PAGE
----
In recent weeks, the tense stalemate has shown signs of breaking. “We have reached a turning-point,” Shevardnadze says. “We cannot tolerate things as they are any longer.” On both sides of the Inguri, farmers who have seen their fields of grapes and tea go brown, call these days decisive. So, too, do the young and hungry Russian soldiers who patrol a 20-mile security zone spanning the Inguri — and who have seen 42 of their number killed in guerrilla attacks since 1994. The hope is shared by another forlorn contingent: the U.N. military observers — 126 unarmed and uniformed sitting ducks. “We’re clay pigeons,” concedes their commanding officer, a gentle Bangladeshi general seconded to the unit’s headquarters, a Soviet resort built in honor of the 15th Party Congress. Shortly after his arrival, the general discovered how far Abkhazia has devolved into a grim carnival. On a reconnaissance drive in the mountains, his land rover was ambushed. The masked gunmen spared the general’s life, but not his satellite phone. “Military observers,” muses a Danish officer, “sounds like a paradox.” Abkhaz and Georgian officials would agree, but the mission is not about to decamp.
The hope that “this year will be decisive” resounds from Sukhumi to Tbilisi. There is good reason, if only material ones, for peace. Oil and gas from the vast reserves of the Caspian Sea and Central Asia will soon course through Georgia to a Black Sea outlet — in a new pipeline that will skirt Russia. Not surprisingly, when Shevardnadze visited Washington last summer, President Clinton supported his call to broaden the peace process. What is at stake? Sovereignty, dignity and a 20th century standard of living, for the Abkhaz. For the Georgians, it’s a matter of pride and economic development. Georgian officials complain that Russia’s peacekeepers are enforcing an artificial border, ensuring Abkhazia’s de facto independence. A national security advisor to Shevardnadze recites the party line: “How can we let our country be divided under the guise of peacekeeping?” Answering his own question, he declares, “The Russians must go.”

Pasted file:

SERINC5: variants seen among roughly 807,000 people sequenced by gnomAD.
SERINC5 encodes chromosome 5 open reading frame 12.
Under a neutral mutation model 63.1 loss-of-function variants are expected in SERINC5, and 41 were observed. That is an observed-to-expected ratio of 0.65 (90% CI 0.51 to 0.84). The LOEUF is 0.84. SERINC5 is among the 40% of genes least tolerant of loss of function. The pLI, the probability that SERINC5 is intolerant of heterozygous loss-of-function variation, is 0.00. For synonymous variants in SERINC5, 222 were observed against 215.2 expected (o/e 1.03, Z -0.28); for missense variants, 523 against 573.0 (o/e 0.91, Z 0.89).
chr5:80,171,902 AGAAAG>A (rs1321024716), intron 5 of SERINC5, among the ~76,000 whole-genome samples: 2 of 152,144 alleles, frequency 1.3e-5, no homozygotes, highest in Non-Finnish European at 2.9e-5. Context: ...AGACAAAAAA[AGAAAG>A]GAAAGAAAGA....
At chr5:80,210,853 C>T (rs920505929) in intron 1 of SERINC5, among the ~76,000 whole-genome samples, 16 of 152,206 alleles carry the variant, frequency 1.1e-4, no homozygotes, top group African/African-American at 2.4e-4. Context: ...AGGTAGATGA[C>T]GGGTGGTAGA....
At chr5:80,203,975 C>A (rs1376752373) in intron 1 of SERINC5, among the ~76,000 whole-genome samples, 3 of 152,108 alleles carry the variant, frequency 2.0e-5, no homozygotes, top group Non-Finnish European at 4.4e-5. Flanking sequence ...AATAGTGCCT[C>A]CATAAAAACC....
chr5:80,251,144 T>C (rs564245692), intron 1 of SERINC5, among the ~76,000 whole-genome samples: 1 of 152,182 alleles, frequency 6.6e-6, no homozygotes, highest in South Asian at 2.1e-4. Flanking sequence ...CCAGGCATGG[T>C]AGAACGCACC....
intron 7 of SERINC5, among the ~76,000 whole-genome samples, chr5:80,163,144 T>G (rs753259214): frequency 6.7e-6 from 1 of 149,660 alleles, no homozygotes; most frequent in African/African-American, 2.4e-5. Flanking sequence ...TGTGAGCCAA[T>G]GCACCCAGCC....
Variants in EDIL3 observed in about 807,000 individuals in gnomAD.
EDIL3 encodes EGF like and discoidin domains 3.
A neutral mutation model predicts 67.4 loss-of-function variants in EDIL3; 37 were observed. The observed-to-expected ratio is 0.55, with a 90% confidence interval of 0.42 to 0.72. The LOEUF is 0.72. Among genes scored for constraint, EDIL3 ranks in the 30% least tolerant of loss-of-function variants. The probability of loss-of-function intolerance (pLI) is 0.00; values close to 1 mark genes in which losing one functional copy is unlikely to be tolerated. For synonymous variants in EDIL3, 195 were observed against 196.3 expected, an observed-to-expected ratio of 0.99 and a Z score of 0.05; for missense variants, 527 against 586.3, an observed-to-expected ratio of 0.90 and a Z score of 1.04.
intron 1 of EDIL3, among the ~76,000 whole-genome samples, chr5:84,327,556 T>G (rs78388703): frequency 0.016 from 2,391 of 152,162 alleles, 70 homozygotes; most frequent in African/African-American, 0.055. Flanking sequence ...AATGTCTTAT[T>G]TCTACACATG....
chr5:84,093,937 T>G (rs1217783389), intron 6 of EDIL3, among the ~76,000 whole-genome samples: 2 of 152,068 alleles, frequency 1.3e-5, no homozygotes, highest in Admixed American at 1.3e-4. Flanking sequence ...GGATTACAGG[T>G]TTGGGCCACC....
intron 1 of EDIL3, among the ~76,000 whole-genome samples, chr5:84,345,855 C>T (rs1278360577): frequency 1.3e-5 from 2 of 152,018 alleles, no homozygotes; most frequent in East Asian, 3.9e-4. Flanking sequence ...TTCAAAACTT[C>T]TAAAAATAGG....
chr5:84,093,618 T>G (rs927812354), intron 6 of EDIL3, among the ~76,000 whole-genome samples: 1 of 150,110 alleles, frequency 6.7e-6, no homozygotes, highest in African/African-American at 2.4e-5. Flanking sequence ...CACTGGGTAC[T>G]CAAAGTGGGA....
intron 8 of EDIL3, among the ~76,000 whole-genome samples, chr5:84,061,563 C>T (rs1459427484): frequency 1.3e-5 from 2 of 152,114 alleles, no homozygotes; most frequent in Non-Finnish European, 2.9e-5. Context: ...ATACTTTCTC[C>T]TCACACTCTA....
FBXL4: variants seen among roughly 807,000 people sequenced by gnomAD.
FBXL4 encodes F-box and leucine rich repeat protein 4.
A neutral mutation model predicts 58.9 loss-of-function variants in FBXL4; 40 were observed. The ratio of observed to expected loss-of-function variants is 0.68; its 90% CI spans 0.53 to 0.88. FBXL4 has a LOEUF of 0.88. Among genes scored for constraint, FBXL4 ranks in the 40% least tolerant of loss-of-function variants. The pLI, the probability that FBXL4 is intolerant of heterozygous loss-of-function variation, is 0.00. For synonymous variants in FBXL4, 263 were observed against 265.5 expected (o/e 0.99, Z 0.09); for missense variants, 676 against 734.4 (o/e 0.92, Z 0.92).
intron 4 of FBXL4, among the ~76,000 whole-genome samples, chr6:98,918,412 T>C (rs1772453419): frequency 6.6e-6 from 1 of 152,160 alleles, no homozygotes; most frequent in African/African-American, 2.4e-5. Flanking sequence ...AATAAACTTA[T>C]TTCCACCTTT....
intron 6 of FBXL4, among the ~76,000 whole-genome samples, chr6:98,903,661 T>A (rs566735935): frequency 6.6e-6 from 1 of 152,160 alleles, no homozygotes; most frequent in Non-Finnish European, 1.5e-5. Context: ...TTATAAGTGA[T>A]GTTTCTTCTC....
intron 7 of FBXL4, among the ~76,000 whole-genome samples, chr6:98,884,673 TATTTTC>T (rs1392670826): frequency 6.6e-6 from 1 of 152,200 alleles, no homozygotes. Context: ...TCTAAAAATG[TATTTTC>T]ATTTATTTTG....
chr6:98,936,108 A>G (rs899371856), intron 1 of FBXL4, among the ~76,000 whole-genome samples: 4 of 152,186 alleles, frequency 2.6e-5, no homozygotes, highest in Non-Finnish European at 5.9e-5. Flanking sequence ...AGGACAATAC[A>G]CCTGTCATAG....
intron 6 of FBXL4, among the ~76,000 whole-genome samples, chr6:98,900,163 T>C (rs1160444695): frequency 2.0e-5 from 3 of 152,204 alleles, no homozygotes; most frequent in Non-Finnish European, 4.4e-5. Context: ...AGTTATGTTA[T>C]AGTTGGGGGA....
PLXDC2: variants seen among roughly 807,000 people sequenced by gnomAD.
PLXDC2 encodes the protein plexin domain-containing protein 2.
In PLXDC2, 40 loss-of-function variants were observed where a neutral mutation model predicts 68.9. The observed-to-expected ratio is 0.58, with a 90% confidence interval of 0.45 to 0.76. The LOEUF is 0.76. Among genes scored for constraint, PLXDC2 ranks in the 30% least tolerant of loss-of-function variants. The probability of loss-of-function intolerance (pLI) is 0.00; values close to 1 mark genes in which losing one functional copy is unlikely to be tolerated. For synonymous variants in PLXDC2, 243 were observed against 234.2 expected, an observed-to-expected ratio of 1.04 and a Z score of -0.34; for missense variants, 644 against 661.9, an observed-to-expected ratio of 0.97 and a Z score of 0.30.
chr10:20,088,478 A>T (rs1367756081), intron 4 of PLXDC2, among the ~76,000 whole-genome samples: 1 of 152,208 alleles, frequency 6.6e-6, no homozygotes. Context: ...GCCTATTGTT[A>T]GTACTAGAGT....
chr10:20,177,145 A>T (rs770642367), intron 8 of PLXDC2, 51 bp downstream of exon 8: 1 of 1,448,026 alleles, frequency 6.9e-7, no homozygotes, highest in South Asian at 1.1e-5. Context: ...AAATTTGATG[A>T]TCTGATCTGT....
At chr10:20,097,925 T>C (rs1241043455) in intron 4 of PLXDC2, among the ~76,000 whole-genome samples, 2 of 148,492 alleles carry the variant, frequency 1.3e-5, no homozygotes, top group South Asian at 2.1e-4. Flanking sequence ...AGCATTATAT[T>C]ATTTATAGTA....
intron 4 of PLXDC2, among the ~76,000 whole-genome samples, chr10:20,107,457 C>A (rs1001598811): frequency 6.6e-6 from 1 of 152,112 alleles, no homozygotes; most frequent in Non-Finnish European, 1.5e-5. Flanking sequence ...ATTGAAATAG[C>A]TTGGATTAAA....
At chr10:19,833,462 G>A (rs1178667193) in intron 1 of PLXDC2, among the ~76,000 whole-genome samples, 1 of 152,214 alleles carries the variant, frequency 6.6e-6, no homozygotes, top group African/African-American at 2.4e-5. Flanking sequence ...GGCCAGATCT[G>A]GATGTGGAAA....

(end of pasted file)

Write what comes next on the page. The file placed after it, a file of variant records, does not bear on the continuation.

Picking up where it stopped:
In August, Ardzinba accepted Yeltsin’s call and flew to Moscow. But Shevardnadze, more eager than ever to enlarge the talks beyond the Kremlin, failed to show. Instead, he summoned Ardzinba to Tbilisi for a historic tete-a-tete. In only their third meeting in five years, the two sketched out a deal, but failed to sign a settlement. Shevardnadze claims the key to peace is an international peace-keeping contingent with, he hopes, U.S. participation. “If we had genuine peace-keepers,” he argues, “our refugees could go home.” However, an unpublished U.N. census claims that most of the displaced have already returned. “It’s sort of an ugly secret,” says a U.N. aid worker, “but 72% of the Georgians from Gali have gone back…on their own.” As Gia Tarkhan-Mouravi, a leading observer of Georgian politics, explains, “All the talk about status is ridiculous. It’s demographics that count. Quite simply, for Ardzinba, it’s a problem of too few Abkhaz.” At the same time, Georgian officials — who watched the West fret over Bosnia — are fond of lecturing on “ethnic cleansing.” Abkhaz leaders echo the charge, only shifting the ethnicity of those “cleansed.” For years, the verbal jousting has filled the post-war vacuum with enmity. Despite the hints of compromise, in Sukhumi the sat-phone again sits, waiting for a decisive ring.
“We are in contact more and more,” Shevardnadze reports. “We can talk,” counters Ardzinba, “but Yeltsin must act.” Ardzinba talks enviously of the peace pact his friends in Chechnya sealed with Russia last May — which put off the question of sovereignty for five years. “If it’s good enough for Moscow, why not Tbilisi?” he asks. Shevardnadze rejects the Chechen accommodation as “incomparable,” but concedes that Russia holds the key to a settlement. “The tragedy of Abkhazia was largely related to Russia. Thousands of Russians fought in the war. We would never have seen war in Chechnya, if not for the war in Abkhazia.” In an era of bound homelands yearning for liberation, Abkhazia foretold the horrors to visit the far side of the Caucasus in Chechnya. No one heeded the warning. Russia played the Abkhaz conflict masterly, in a post-Soviet updating of the classic game of divide and conquer. Now Ardzinba and Shevardnadze are left to wait for Moscow to clear its debt. For the status quo, both concede, cannot hold.
©1998 Andrew Meier
Andrew Meier, a correspondent with Time magazine in Moscow, has been examining the fate of the former Soviet republics.